Many rules of Union law are interpreted by the Court, not as a part of civil and commercial law but linked to other fields, for example taxation or procedural law. Nevertheless, it is not excluded that if an interpretation is provided by the Court, it might have an impact not only in the context in which it is situated, but in another area of civil and commercial law. I would like to bring up some cases and perhaps it is excusable if these are cases where I was rapporteur or reporting judge.

Immovable property is a fundamental concept of civil law which rarely requires interpretation. However, this concept has great importance in the value added tax system and may constitute grounds for exemption. In Case C-532/11, Leichenich, the referring national court referred a question for a preliminary ruling as to whether a boat which is fixed to the bank and the bed of the river and is used exclusively for the permanent operation of a restaurant could be considered as immovable property. Essentially, the Court replied in the affirmative.

Also in the context of the application of directives on value added tax, a French court asked the question whether a sum paid as a deposit for hotel room reservations and retained by the hotel in case of cancellation by the client, is to be regarded as compensation for the loss suffered by the hotel or as supply of service for consideration. In the latter case, of course, the service is subject to VAT. The Court decided in favour of the first option (C-277/05, Société thermale d’Eugénie-les-Bains).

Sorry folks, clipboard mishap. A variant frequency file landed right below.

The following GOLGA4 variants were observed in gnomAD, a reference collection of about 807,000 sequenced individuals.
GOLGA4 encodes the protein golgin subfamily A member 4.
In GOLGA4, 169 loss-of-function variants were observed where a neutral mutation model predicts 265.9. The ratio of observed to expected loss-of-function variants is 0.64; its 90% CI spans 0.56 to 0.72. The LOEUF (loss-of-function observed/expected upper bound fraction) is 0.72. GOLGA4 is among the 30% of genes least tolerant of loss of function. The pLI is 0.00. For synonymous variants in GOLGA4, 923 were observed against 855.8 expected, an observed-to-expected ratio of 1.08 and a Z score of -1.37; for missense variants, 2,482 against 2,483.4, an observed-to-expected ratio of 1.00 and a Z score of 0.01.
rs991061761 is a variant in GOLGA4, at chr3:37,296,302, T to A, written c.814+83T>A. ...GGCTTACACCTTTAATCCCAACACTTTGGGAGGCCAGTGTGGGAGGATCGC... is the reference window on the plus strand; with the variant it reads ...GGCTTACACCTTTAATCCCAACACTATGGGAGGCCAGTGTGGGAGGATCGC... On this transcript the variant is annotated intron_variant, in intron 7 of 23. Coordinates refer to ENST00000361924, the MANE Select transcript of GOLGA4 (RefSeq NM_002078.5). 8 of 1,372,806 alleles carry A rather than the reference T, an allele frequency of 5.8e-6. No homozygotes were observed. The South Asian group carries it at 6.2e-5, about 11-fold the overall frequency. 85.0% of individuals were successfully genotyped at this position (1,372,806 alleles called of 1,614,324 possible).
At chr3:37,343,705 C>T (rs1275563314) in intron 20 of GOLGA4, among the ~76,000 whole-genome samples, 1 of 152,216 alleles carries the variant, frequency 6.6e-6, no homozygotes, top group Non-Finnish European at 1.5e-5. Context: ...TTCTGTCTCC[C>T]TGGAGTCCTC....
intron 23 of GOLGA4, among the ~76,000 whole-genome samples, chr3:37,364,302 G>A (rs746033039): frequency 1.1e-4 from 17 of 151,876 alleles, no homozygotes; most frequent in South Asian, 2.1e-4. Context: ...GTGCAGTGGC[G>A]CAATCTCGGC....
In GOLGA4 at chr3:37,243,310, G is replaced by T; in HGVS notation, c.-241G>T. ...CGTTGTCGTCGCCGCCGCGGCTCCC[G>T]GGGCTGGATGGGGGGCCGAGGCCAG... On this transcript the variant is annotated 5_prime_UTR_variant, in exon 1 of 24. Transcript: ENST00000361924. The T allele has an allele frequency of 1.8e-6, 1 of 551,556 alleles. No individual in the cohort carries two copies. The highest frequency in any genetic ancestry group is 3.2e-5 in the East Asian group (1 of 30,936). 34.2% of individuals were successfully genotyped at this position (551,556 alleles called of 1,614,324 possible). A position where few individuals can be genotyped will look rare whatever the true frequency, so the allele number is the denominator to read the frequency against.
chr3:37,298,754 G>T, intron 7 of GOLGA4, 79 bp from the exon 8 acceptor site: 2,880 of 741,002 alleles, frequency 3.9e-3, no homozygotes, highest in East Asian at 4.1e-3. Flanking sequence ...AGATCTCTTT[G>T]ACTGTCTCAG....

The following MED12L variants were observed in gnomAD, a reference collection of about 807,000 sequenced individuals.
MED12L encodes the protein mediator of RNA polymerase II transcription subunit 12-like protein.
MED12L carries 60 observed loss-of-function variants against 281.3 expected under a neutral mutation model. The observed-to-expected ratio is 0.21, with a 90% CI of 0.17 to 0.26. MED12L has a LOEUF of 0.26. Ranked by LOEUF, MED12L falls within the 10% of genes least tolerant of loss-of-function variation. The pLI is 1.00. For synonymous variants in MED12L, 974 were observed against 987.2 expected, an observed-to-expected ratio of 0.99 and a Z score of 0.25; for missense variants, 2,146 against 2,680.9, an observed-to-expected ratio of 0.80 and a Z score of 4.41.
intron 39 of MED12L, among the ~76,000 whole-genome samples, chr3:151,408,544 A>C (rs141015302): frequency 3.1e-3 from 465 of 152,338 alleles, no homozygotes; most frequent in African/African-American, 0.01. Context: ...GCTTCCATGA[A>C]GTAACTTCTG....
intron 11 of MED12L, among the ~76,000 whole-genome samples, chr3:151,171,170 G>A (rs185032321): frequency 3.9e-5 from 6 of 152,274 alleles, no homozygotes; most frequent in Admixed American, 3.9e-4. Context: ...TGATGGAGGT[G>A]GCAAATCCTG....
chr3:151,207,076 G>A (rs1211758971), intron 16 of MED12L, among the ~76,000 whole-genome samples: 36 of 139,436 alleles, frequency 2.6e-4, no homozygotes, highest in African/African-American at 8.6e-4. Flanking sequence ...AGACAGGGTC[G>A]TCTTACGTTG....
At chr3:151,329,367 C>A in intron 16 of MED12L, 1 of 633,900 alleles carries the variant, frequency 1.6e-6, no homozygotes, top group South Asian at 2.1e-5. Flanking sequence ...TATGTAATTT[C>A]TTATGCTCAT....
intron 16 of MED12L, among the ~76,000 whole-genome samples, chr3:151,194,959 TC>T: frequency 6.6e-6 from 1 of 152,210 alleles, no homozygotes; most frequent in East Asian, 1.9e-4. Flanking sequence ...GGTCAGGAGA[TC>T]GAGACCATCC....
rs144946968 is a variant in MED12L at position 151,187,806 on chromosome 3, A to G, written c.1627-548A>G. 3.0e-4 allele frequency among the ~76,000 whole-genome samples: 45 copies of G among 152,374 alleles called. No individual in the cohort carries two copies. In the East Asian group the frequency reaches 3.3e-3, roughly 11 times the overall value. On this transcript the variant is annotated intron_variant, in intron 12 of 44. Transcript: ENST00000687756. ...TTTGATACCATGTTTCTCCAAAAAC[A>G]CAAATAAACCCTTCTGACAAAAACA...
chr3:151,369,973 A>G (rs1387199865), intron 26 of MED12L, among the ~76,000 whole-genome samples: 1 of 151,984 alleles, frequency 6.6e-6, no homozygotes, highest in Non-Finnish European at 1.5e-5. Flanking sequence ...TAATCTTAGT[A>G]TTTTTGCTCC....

In Case C-381/08, Car Trim, the referring Court asked for clarification concerning the place of delivery for the application of Article 5(1)(b) of Regulation 44/2001 on the jurisdiction and recognition and enforcement of judgments in civil and commercial matters in a situation where the carriage of goods is involved. The Court was of the opinion that where it is impossible to determine the place of delivery on the basis of the contract, the place of delivery is not the place where the goods were handed over to the first carrier but the place where the physical transfer of the goods to the purchaser took place at the final destination of the sales transactions.